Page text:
With the Syrians, the situation is the same. They gain by the turmoil in Iraq. And they have not been punished for giving aid to the Iraqi insurgency. Syria is right now regaining ground in Lebanon, the most important foreign-policy objective of the Assad regime, against America's wishes and the Bush administration's determined diplomacy. Undoubtedly the Assad regime believes that America's enfeeblement in Iraq has helped Syria's cause in Lebanon. The last real gasp of serious American diplomacy on Lebanon occurred in 2005 before Bashar Assad realized there was no substance to America's soft-power approach to pressuring Damascus (U.N. resolutions don't intimidate Middle Eastern dictators). More important, this diplomatic push occurred before the Bush administration realized that its counterinsurgency strategy in Iraq was failing. We are now much weaker than we were in 2005.
Doubtless the heretical Shiite-Alawite regime in Damascus, with its minority power base, would prefer not to see a Sunni-Shiite blood bath in Iraq. But the key for Alawite survival is the Iranian connection, not fraternity with Sunnis upset by Iraq, and especially not with anti-Shiite Sunni fundamentalists, whom the regime has at times energetically slaughtered. So what's left? Washington could bless the Syrian reoccupation of Lebanon, although it is difficult to believe that the president would do this. Besides, given the perception of American weakness in the region, even such a concession, so humiliating to us, would likely be of little barter value.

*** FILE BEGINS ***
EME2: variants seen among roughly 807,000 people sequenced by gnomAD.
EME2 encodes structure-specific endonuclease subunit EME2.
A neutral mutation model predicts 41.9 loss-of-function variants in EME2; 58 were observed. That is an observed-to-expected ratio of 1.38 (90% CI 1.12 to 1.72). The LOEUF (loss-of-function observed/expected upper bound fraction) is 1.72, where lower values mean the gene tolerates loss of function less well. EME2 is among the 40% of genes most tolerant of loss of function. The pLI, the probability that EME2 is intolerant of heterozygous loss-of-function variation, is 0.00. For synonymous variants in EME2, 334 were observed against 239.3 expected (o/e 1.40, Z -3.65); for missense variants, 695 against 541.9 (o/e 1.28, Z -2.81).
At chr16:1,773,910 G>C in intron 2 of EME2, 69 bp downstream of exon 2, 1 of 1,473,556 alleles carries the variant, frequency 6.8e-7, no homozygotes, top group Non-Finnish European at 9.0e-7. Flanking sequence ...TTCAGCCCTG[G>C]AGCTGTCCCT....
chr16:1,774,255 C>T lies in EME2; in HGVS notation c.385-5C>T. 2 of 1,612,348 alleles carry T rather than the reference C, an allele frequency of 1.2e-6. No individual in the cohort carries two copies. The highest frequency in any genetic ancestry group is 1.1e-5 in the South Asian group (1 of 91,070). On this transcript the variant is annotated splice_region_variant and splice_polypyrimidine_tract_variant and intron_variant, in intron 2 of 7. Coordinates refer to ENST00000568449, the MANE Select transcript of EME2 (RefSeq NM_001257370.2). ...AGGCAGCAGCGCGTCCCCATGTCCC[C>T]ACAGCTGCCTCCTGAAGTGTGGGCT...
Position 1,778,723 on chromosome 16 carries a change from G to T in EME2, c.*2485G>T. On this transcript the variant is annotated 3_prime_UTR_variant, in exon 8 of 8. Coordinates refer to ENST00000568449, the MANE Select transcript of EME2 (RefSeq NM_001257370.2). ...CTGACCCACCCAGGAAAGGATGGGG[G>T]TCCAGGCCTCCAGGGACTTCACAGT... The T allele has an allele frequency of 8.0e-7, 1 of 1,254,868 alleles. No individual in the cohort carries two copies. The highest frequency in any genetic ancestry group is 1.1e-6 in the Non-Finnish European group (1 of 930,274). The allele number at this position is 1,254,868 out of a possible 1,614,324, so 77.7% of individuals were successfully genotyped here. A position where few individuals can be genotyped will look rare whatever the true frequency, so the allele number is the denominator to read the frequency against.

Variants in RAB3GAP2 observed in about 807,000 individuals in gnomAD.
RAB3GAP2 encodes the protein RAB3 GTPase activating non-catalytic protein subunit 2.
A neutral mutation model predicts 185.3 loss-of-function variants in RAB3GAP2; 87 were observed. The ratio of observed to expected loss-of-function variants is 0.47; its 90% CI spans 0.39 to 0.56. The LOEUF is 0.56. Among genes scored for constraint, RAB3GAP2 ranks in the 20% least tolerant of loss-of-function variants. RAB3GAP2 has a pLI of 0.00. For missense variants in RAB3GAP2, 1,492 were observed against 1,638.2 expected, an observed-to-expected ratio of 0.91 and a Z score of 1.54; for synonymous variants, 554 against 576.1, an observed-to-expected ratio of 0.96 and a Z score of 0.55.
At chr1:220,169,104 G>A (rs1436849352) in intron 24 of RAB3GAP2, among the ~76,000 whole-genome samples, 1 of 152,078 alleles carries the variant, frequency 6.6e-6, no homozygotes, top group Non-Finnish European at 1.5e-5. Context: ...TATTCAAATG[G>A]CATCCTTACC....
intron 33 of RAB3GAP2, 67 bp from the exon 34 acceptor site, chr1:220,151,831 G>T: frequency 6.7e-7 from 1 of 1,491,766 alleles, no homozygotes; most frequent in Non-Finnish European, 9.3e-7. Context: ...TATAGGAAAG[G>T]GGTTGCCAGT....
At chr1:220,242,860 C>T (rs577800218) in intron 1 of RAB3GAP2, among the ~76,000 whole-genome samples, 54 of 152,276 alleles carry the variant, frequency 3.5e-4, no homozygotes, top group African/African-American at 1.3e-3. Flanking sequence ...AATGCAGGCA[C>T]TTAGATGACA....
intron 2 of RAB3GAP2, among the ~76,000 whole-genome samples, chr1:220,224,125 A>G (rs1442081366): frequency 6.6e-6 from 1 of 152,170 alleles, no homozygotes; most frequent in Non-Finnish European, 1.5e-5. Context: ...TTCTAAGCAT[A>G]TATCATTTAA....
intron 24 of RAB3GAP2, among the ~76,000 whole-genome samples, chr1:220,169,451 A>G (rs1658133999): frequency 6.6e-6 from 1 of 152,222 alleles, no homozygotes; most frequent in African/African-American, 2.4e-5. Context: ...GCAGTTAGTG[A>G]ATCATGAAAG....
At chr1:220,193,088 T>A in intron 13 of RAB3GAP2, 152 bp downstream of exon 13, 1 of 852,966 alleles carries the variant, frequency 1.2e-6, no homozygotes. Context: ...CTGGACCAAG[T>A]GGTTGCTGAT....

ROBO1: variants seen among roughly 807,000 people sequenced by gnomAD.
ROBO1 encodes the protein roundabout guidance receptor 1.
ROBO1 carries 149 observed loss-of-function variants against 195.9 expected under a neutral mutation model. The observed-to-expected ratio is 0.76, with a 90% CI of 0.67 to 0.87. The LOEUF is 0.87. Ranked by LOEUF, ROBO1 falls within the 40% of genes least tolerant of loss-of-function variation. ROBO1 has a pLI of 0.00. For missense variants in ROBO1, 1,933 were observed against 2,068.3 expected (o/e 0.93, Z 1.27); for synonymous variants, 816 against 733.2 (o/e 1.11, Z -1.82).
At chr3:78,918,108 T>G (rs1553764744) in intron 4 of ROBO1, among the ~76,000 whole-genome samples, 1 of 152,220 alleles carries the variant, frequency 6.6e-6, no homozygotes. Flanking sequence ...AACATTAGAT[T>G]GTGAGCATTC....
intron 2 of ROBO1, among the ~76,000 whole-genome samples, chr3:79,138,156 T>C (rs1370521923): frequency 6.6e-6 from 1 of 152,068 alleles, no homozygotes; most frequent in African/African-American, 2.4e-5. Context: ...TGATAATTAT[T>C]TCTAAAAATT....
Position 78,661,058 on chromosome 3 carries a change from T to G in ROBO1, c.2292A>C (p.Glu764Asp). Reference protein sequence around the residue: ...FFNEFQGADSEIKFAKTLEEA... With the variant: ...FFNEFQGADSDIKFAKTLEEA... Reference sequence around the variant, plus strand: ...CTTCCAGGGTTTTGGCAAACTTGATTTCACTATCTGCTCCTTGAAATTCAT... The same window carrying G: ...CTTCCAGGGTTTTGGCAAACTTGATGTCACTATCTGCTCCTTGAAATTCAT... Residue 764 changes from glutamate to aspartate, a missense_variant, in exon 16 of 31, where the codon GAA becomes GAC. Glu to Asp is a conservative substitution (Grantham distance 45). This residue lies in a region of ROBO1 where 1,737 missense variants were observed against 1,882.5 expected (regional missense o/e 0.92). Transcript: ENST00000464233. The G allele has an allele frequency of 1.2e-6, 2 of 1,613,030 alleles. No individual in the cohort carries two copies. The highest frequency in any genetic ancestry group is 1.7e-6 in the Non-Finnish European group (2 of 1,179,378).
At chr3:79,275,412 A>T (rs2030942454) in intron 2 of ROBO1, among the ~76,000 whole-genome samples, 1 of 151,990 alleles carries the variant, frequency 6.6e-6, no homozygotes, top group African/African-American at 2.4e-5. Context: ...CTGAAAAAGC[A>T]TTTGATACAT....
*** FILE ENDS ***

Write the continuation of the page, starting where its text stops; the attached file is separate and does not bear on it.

To negotiate successfully in the Middle East, you have to convince the denizens that you have and are willing to use power. To enter into a conference--assuming the Syrians and the Iranians would deign to participate--from a position of weakness is to guarantee that you exit weaker than when you went in. And the last thing the Bush administration needs now is to appear any more feeble. If for some reason the president feels compelled to try to convene such a conference or bilateral talks with Syria or Iran on Iraq, he would do America's diplomats a big favor by announcing first that 50,000 new troops are on their way to Mesopotamia and that we intend to slug this out until we win. Covertly but noticeably, the United States should also start high-altitude observation flights over Iran's nuclear facilities. More naval activity in the Persian Gulf would help, too. If the Syrians and the Iranians were entering negotiations with us, that's what they'd do.
Reuel Marc Gerecht is a resident fellow at the American Enterprise Institute and a contributing editor to THE WEEKLY STANDARD.